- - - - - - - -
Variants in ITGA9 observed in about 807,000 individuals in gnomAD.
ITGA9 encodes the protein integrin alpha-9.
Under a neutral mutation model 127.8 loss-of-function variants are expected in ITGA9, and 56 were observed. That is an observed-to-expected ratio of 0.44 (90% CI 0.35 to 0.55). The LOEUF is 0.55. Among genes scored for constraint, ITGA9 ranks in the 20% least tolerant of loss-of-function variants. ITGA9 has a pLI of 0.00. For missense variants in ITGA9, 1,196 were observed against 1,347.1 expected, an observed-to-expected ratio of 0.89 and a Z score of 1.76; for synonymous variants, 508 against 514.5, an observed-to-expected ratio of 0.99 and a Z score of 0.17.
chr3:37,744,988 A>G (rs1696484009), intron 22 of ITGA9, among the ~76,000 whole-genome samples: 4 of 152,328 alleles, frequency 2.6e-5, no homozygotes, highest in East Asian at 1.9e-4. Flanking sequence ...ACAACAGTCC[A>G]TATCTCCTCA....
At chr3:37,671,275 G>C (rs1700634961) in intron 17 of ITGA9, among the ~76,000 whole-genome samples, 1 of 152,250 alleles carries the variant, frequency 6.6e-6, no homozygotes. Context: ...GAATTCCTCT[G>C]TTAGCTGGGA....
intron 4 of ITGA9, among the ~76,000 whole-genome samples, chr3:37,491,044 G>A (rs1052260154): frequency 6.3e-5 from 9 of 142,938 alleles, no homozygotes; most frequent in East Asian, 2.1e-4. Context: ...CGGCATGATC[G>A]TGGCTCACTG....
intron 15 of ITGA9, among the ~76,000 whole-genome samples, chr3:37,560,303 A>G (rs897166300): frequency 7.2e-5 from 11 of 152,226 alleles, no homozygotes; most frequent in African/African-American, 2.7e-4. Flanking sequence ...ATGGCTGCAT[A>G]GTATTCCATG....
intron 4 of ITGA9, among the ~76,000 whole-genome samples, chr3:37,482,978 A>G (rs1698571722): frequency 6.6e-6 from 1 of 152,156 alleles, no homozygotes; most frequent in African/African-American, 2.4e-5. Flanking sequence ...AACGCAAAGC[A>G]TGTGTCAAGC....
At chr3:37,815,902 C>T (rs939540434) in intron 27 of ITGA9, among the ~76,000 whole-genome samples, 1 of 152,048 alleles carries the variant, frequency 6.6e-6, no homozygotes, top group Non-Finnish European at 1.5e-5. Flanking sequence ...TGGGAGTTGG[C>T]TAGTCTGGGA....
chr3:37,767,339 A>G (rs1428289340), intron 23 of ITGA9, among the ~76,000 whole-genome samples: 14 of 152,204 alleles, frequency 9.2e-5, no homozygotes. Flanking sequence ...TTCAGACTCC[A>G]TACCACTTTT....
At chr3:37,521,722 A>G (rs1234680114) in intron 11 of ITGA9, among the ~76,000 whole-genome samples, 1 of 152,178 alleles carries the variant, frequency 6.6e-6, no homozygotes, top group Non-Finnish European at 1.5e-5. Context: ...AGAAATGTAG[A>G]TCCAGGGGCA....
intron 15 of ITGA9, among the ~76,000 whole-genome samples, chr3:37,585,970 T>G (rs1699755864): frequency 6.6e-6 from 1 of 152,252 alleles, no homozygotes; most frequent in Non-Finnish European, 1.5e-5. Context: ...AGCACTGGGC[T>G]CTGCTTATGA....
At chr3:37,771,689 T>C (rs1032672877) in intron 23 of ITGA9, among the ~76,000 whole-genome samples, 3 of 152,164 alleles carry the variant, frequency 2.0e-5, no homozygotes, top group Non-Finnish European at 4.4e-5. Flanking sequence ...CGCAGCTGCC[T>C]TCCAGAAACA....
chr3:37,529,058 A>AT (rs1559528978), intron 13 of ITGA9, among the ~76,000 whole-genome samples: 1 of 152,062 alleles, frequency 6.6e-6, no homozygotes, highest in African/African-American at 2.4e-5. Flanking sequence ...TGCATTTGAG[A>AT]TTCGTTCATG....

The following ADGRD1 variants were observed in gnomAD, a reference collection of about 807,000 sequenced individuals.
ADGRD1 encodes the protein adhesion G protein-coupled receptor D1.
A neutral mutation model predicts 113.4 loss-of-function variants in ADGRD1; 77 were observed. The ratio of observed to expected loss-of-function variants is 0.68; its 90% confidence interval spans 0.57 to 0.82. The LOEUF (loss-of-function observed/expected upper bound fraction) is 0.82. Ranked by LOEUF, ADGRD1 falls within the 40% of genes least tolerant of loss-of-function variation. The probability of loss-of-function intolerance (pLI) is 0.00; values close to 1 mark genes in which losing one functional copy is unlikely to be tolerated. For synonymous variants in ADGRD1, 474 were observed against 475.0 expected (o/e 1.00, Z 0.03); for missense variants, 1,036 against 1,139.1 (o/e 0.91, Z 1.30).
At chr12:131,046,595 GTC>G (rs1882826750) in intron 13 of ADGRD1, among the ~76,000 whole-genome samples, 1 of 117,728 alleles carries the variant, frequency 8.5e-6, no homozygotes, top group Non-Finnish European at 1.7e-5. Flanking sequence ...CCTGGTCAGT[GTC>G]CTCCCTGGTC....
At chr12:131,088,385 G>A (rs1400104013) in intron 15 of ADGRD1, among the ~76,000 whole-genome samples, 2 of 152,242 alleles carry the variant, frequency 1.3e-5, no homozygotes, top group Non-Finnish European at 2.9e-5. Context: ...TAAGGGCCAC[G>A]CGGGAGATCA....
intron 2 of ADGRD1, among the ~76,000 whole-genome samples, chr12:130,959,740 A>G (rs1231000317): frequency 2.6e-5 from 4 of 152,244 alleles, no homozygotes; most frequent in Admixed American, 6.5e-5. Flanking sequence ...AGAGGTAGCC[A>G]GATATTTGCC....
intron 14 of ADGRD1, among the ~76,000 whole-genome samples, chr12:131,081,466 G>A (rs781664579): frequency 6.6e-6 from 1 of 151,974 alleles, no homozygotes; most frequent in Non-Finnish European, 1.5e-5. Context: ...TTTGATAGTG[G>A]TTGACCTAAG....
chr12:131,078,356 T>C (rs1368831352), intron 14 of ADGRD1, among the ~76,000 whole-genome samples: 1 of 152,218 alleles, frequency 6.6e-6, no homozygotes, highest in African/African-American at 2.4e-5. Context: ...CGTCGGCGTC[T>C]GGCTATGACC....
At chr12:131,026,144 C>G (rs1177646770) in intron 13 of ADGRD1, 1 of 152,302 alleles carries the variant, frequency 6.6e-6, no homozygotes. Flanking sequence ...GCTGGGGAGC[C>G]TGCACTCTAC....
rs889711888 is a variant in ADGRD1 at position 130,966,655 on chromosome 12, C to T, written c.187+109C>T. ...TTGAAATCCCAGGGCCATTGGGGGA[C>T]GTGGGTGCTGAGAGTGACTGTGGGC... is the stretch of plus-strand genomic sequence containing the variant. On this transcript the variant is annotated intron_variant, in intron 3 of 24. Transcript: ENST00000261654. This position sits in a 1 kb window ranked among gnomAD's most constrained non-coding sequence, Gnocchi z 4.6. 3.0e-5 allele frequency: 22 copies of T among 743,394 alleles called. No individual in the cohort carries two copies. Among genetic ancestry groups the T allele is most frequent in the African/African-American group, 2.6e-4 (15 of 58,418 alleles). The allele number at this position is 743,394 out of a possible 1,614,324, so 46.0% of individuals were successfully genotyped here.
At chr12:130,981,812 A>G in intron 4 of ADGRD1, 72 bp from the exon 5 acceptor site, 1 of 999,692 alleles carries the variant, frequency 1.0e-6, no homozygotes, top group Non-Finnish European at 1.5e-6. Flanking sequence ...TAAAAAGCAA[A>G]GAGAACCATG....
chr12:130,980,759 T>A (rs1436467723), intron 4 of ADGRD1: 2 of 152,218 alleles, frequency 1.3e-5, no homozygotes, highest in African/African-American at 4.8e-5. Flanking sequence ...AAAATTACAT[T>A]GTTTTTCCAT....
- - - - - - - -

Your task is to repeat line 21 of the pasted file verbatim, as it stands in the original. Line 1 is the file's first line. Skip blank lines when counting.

intron 14 of ADGRD1, among the ~76,000 whole-genome samples, chr12:131,081,466 G>A (rs781664579): frequency 6.6e-6 from 1 of 151,974 alleles, no homozygotes; most frequent in Non-Finnish European, 1.5e-5. Context: ...TTTGATAGTG[G>A]TTGACCTAAG....